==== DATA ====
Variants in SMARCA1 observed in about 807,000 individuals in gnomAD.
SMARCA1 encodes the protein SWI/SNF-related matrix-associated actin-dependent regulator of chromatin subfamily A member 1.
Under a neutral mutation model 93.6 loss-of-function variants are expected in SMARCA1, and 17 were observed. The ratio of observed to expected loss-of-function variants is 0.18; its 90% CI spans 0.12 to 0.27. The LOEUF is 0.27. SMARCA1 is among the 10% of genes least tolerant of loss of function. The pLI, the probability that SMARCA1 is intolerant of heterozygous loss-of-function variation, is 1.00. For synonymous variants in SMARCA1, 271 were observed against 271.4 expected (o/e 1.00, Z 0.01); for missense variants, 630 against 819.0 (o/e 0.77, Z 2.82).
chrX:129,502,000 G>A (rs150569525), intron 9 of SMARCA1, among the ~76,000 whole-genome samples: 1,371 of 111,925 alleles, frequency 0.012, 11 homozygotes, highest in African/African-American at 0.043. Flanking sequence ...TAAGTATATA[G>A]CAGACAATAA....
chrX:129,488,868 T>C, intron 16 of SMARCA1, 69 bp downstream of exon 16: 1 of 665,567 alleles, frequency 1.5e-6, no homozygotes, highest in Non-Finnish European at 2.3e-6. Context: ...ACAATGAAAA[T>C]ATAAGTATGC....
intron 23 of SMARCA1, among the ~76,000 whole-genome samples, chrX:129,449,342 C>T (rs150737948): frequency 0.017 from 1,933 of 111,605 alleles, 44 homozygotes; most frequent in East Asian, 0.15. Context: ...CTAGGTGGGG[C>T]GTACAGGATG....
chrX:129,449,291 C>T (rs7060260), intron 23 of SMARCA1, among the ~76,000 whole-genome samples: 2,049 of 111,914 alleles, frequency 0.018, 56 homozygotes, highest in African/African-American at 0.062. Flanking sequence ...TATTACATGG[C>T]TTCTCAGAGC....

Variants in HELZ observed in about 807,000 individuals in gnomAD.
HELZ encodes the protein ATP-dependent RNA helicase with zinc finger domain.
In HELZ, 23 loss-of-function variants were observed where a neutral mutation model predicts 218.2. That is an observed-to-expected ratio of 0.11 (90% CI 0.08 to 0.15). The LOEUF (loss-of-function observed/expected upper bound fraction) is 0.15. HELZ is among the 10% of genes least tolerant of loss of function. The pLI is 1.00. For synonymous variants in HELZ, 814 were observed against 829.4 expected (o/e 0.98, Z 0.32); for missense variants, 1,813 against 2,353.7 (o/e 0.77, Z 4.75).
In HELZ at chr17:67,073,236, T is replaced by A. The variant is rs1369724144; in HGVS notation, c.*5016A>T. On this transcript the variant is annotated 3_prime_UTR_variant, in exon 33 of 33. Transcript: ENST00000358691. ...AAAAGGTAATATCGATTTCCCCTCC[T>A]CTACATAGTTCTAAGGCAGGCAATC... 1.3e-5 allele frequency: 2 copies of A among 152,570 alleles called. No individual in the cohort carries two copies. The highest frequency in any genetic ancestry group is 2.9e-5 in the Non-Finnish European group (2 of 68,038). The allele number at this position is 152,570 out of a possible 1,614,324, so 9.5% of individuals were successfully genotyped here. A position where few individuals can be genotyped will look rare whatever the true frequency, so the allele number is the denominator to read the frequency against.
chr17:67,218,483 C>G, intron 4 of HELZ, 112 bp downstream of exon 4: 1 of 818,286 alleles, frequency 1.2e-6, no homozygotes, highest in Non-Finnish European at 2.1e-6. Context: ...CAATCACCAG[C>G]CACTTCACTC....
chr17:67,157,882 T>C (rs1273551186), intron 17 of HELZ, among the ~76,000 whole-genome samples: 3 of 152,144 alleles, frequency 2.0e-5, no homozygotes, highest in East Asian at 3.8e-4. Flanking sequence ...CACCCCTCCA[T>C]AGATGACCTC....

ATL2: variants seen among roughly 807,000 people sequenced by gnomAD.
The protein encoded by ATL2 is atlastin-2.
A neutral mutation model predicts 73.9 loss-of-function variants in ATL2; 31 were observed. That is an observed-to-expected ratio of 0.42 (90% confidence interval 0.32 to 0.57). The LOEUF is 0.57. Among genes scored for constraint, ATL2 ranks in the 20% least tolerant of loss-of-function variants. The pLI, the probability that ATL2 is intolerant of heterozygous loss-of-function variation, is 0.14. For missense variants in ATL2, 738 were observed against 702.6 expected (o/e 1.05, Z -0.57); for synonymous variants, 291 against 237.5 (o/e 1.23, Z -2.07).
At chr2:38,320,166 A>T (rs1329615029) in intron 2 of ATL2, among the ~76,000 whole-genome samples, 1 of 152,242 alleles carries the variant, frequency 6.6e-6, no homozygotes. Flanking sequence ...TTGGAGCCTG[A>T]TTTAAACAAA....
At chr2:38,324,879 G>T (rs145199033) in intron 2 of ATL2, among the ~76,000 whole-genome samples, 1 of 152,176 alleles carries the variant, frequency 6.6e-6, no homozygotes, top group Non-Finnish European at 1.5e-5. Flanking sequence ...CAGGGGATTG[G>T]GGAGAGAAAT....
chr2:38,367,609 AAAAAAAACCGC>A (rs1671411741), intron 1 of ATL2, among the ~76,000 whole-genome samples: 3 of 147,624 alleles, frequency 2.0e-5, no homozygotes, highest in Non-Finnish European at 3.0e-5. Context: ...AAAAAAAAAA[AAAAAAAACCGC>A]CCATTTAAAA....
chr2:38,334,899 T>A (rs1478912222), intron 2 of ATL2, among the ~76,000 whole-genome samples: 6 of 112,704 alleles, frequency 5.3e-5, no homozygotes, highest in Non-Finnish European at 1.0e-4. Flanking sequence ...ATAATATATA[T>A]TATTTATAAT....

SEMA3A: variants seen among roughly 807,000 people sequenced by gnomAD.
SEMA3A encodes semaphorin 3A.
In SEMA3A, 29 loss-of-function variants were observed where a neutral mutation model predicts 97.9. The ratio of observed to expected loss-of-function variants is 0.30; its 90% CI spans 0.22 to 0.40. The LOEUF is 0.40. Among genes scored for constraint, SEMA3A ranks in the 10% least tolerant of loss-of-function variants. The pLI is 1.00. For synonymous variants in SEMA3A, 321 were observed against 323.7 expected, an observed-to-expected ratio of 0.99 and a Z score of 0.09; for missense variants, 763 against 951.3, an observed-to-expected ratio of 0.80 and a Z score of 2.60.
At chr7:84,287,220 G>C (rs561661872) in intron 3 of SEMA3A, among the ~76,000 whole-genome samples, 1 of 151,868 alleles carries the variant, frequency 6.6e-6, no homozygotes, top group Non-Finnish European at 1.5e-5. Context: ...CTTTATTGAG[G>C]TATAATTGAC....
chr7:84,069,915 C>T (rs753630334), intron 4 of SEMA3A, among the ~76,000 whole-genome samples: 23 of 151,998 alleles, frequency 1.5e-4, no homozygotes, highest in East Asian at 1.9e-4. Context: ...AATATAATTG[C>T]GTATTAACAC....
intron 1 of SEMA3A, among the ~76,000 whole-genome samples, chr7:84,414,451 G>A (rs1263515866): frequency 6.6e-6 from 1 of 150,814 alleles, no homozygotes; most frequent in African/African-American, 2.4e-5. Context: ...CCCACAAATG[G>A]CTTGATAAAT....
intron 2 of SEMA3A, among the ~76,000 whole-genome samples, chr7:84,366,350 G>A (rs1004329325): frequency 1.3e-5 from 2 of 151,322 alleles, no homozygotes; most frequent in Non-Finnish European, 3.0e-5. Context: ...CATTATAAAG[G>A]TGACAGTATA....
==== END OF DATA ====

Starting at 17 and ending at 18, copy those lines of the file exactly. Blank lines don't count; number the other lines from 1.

At chr2:38,320,166 A>T (rs1329615029) in intron 2 of ATL2, among the ~76,000 whole-genome samples, 1 of 152,242 alleles carries the variant, frequency 6.6e-6, no homozygotes. Flanking sequence ...TTGGAGCCTG[A>T]TTTAAACAAA....
At chr2:38,324,879 G>T (rs145199033) in intron 2 of ATL2, among the ~76,000 whole-genome samples, 1 of 152,176 alleles carries the variant, frequency 6.6e-6, no homozygotes, top group Non-Finnish European at 1.5e-5. Flanking sequence ...CAGGGGATTG[G>T]GGAGAGAAAT....